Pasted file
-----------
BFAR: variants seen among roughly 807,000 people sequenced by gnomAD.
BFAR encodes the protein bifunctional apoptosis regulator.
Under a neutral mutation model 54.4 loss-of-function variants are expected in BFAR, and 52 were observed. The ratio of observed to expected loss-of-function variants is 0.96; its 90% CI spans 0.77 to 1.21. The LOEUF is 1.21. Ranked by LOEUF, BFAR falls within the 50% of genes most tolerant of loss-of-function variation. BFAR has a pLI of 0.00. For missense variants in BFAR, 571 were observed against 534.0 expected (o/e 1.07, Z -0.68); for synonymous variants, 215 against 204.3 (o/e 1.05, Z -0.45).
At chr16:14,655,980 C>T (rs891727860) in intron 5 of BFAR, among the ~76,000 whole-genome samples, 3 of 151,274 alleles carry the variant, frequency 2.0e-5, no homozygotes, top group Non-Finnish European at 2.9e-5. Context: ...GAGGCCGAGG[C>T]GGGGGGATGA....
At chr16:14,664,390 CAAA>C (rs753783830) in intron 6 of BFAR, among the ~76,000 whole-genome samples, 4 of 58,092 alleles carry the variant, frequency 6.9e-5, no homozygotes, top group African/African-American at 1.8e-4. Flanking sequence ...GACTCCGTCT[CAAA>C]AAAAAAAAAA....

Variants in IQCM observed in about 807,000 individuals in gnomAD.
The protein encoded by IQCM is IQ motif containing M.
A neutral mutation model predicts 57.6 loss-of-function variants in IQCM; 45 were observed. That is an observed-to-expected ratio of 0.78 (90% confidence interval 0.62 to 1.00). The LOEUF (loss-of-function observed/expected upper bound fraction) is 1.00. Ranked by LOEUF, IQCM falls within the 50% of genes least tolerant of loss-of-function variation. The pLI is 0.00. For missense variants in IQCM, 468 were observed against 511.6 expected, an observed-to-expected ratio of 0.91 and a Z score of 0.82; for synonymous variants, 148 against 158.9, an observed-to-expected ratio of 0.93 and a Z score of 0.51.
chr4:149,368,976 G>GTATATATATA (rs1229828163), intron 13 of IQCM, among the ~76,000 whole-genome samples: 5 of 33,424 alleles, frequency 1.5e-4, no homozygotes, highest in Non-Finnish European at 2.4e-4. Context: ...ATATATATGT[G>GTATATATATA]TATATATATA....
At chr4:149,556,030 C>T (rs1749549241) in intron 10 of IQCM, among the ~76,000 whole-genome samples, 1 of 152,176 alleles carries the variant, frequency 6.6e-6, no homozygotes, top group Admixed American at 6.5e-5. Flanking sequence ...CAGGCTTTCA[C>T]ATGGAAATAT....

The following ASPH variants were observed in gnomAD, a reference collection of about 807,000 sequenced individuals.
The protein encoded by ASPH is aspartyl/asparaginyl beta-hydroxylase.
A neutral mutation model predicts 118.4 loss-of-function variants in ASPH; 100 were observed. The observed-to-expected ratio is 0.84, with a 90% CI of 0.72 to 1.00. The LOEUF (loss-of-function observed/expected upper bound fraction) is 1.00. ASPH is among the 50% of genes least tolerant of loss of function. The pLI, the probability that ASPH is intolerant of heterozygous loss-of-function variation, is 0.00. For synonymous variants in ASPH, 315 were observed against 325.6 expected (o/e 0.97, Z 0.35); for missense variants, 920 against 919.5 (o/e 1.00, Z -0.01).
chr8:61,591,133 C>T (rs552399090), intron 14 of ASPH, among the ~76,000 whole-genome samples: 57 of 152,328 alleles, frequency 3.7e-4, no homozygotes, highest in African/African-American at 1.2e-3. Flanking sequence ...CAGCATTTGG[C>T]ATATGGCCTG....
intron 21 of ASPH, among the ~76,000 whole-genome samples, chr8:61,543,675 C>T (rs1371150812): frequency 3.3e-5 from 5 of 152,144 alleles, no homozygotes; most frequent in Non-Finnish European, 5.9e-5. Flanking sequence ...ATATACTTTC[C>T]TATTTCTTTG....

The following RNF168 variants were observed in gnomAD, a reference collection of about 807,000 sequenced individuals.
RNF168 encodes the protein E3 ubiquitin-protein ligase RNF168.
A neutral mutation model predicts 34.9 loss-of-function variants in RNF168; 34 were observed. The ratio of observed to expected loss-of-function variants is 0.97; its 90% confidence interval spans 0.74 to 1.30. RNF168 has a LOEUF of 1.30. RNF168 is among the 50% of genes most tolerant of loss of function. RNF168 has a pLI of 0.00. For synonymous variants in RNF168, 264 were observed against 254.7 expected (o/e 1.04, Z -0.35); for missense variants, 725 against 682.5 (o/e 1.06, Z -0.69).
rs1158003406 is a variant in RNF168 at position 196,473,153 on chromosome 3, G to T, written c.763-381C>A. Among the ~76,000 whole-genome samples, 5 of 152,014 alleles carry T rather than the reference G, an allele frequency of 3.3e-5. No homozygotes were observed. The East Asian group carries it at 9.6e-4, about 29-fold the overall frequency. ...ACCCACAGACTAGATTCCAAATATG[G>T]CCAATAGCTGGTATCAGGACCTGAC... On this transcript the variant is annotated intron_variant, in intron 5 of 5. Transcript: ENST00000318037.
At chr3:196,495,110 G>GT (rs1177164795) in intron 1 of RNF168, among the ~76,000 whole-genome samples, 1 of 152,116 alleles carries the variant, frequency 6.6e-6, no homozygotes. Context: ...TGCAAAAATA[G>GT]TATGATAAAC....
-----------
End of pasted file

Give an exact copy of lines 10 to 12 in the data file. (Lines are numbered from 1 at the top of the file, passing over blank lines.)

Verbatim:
At chr4:149,556,030 C>T (rs1749549241) in intron 10 of IQCM, among the ~76,000 whole-genome samples, 1 of 152,176 alleles carries the variant, frequency 6.6e-6, no homozygotes, top group Admixed American at 6.5e-5. Flanking sequence ...CAGGCTTTCA[C>T]ATGGAAATAT....

The following ASPH variants were observed in gnomAD, a reference collection of about 807,000 sequenced individuals.
The protein encoded by ASPH is aspartyl/asparaginyl beta-hydroxylase.